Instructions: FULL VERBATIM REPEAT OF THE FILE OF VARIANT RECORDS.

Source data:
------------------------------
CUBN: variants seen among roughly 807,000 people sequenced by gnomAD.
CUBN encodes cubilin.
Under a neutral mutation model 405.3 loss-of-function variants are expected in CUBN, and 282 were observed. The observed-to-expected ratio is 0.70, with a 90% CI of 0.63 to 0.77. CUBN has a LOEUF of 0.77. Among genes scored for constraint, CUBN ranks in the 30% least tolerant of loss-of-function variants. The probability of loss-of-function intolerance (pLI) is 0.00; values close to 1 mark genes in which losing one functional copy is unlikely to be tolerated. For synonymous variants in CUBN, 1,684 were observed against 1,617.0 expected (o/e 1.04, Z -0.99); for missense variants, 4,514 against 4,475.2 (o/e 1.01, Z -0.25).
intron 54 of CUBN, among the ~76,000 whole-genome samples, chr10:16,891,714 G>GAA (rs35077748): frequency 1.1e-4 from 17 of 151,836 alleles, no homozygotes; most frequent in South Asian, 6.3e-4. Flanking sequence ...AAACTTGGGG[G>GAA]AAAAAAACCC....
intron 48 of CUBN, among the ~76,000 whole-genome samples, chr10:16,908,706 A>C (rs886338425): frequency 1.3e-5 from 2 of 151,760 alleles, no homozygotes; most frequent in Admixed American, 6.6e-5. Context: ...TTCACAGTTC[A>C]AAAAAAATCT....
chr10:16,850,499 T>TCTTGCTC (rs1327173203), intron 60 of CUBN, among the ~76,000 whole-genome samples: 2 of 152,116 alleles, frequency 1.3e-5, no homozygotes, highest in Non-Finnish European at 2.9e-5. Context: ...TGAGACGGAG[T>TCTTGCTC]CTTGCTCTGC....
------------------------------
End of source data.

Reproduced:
CUBN: variants seen among roughly 807,000 people sequenced by gnomAD.
CUBN encodes cubilin.
Under a neutral mutation model 405.3 loss-of-function variants are expected in CUBN, and 282 were observed. The observed-to-expected ratio is 0.70, with a 90% CI of 0.63 to 0.77. CUBN has a LOEUF of 0.77. Among genes scored for constraint, CUBN ranks in the 30% least tolerant of loss-of-function variants. The probability of loss-of-function intolerance (pLI) is 0.00; values close to 1 mark genes in which losing one functional copy is unlikely to be tolerated. For synonymous variants in CUBN, 1,684 were observed against 1,617.0 expected (o/e 1.04, Z -0.99); for missense variants, 4,514 against 4,475.2 (o/e 1.01, Z -0.25).
intron 54 of CUBN, among the ~76,000 whole-genome samples, chr10:16,891,714 G>GAA (rs35077748): frequency 1.1e-4 from 17 of 151,836 alleles, no homozygotes; most frequent in South Asian, 6.3e-4. Flanking sequence ...AAACTTGGGG[G>GAA]AAAAAAACCC....
intron 48 of CUBN, among the ~76,000 whole-genome samples, chr10:16,908,706 A>C (rs886338425): frequency 1.3e-5 from 2 of 151,760 alleles, no homozygotes; most frequent in Admixed American, 6.6e-5. Context: ...TTCACAGTTC[A>C]AAAAAAATCT....
chr10:16,850,499 T>TCTTGCTC (rs1327173203), intron 60 of CUBN, among the ~76,000 whole-genome samples: 2 of 152,116 alleles, frequency 1.3e-5, no homozygotes, highest in Non-Finnish European at 2.9e-5. Context: ...TGAGACGGAG[T>TCTTGCTC]CTTGCTCTGC....